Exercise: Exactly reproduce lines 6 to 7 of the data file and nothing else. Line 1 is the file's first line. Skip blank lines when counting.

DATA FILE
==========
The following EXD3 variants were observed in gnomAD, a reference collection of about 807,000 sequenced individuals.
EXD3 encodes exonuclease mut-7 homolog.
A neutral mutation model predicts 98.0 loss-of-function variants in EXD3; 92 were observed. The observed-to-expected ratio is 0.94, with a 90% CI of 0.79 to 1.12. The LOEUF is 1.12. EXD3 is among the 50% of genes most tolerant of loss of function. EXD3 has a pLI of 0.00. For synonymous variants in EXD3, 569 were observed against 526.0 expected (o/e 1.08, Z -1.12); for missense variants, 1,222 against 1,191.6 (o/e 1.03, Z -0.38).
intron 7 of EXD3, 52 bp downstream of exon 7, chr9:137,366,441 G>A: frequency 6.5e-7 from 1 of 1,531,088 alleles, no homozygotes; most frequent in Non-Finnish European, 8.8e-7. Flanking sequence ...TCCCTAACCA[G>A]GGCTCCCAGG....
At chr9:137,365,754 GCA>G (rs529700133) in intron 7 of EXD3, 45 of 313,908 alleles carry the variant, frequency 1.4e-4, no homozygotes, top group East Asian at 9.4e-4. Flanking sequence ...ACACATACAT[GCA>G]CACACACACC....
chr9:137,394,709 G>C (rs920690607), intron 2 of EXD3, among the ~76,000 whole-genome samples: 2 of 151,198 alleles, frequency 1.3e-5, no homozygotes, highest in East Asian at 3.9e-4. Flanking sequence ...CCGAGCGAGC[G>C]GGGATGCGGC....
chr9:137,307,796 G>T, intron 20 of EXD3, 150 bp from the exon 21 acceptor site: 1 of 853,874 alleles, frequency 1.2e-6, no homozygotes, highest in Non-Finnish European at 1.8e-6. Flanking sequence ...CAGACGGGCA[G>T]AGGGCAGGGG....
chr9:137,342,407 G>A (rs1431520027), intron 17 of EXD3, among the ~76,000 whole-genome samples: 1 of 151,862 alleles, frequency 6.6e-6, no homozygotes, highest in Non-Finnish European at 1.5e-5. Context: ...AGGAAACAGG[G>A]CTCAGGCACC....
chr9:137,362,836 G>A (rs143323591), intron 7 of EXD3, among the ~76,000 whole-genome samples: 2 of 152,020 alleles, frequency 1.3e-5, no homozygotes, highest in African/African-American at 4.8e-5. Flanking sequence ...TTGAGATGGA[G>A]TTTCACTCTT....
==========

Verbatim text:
chr9:137,394,709 G>C (rs920690607), intron 2 of EXD3, among the ~76,000 whole-genome samples: 2 of 151,198 alleles, frequency 1.3e-5, no homozygotes, highest in East Asian at 3.9e-4. Flanking sequence ...CCGAGCGAGC[G>C]GGGATGCGGC....
chr9:137,307,796 G>T, intron 20 of EXD3, 150 bp from the exon 21 acceptor site: 1 of 853,874 alleles, frequency 1.2e-6, no homozygotes, highest in Non-Finnish European at 1.8e-6. Flanking sequence ...CAGACGGGCA[G>T]AGGGCAGGGG....